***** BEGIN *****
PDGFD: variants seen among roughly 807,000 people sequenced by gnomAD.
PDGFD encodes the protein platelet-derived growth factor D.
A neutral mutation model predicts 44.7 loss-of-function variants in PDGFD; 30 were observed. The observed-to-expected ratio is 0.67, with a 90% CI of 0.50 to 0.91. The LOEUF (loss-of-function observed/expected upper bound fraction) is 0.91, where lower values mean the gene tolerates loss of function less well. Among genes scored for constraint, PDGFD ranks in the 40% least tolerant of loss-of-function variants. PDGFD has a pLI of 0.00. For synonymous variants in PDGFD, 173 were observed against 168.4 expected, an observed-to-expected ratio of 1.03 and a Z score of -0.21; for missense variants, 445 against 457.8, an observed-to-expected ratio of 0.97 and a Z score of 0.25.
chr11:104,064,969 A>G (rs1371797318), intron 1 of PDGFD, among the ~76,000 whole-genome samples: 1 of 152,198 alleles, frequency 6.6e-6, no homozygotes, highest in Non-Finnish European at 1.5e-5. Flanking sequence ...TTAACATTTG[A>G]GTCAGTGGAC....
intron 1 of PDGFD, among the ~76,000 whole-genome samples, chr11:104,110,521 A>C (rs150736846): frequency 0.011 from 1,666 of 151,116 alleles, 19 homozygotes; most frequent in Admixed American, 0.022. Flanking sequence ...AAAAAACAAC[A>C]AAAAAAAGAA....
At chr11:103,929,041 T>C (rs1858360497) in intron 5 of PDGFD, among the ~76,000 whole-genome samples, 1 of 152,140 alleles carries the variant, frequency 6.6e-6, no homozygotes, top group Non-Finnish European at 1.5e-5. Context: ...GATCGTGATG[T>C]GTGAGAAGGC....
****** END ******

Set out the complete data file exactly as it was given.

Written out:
PDGFD: variants seen among roughly 807,000 people sequenced by gnomAD.
PDGFD encodes the protein platelet-derived growth factor D.
A neutral mutation model predicts 44.7 loss-of-function variants in PDGFD; 30 were observed. The observed-to-expected ratio is 0.67, with a 90% CI of 0.50 to 0.91. The LOEUF (loss-of-function observed/expected upper bound fraction) is 0.91, where lower values mean the gene tolerates loss of function less well. Among genes scored for constraint, PDGFD ranks in the 40% least tolerant of loss-of-function variants. PDGFD has a pLI of 0.00. For synonymous variants in PDGFD, 173 were observed against 168.4 expected, an observed-to-expected ratio of 1.03 and a Z score of -0.21; for missense variants, 445 against 457.8, an observed-to-expected ratio of 0.97 and a Z score of 0.25.
chr11:104,064,969 A>G (rs1371797318), intron 1 of PDGFD, among the ~76,000 whole-genome samples: 1 of 152,198 alleles, frequency 6.6e-6, no homozygotes, highest in Non-Finnish European at 1.5e-5. Flanking sequence ...TTAACATTTG[A>G]GTCAGTGGAC....
intron 1 of PDGFD, among the ~76,000 whole-genome samples, chr11:104,110,521 A>C (rs150736846): frequency 0.011 from 1,666 of 151,116 alleles, 19 homozygotes; most frequent in Admixed American, 0.022. Flanking sequence ...AAAAAACAAC[A>C]AAAAAAAGAA....
At chr11:103,929,041 T>C (rs1858360497) in intron 5 of PDGFD, among the ~76,000 whole-genome samples, 1 of 152,140 alleles carries the variant, frequency 6.6e-6, no homozygotes, top group Non-Finnish European at 1.5e-5. Context: ...GATCGTGATG[T>C]GTGAGAAGGC....